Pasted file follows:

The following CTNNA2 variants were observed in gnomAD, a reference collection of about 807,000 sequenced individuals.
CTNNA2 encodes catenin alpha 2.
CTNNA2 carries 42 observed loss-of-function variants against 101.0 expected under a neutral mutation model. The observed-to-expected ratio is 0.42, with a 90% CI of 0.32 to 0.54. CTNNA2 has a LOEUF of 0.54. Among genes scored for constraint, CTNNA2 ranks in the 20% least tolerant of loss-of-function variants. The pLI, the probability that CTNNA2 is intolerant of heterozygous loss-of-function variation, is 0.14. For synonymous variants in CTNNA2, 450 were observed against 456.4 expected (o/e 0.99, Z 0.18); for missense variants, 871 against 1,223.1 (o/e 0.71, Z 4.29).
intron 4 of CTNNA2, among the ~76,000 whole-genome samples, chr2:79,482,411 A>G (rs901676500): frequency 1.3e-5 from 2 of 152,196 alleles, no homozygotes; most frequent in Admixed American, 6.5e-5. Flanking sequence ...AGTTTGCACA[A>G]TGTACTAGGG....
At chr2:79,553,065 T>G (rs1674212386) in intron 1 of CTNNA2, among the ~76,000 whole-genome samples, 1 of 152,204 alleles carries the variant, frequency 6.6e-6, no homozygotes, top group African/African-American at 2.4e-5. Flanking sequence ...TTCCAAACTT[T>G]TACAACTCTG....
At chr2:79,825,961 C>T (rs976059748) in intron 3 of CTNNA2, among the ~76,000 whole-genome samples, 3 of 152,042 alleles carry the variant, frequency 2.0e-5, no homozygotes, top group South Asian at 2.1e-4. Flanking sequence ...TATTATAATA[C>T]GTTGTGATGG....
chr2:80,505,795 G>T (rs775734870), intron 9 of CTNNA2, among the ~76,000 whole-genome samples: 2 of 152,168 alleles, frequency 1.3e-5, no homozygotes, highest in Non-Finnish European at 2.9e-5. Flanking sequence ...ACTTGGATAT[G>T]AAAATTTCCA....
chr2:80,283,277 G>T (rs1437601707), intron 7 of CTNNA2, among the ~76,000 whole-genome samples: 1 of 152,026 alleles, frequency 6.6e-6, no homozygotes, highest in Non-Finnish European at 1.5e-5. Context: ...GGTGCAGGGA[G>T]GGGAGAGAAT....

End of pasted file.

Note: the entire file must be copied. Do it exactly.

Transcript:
The following CTNNA2 variants were observed in gnomAD, a reference collection of about 807,000 sequenced individuals.
CTNNA2 encodes catenin alpha 2.
CTNNA2 carries 42 observed loss-of-function variants against 101.0 expected under a neutral mutation model. The observed-to-expected ratio is 0.42, with a 90% CI of 0.32 to 0.54. CTNNA2 has a LOEUF of 0.54. Among genes scored for constraint, CTNNA2 ranks in the 20% least tolerant of loss-of-function variants. The pLI, the probability that CTNNA2 is intolerant of heterozygous loss-of-function variation, is 0.14. For synonymous variants in CTNNA2, 450 were observed against 456.4 expected (o/e 0.99, Z 0.18); for missense variants, 871 against 1,223.1 (o/e 0.71, Z 4.29).
intron 4 of CTNNA2, among the ~76,000 whole-genome samples, chr2:79,482,411 A>G (rs901676500): frequency 1.3e-5 from 2 of 152,196 alleles, no homozygotes; most frequent in Admixed American, 6.5e-5. Flanking sequence ...AGTTTGCACA[A>G]TGTACTAGGG....
At chr2:79,553,065 T>G (rs1674212386) in intron 1 of CTNNA2, among the ~76,000 whole-genome samples, 1 of 152,204 alleles carries the variant, frequency 6.6e-6, no homozygotes, top group African/African-American at 2.4e-5. Flanking sequence ...TTCCAAACTT[T>G]TACAACTCTG....
At chr2:79,825,961 C>T (rs976059748) in intron 3 of CTNNA2, among the ~76,000 whole-genome samples, 3 of 152,042 alleles carry the variant, frequency 2.0e-5, no homozygotes, top group South Asian at 2.1e-4. Flanking sequence ...TATTATAATA[C>T]GTTGTGATGG....
chr2:80,505,795 G>T (rs775734870), intron 9 of CTNNA2, among the ~76,000 whole-genome samples: 2 of 152,168 alleles, frequency 1.3e-5, no homozygotes, highest in Non-Finnish European at 2.9e-5. Flanking sequence ...ACTTGGATAT[G>T]AAAATTTCCA....
chr2:80,283,277 G>T (rs1437601707), intron 7 of CTNNA2, among the ~76,000 whole-genome samples: 1 of 152,026 alleles, frequency 6.6e-6, no homozygotes, highest in Non-Finnish European at 1.5e-5. Context: ...GGTGCAGGGA[G>T]GGGAGAGAAT....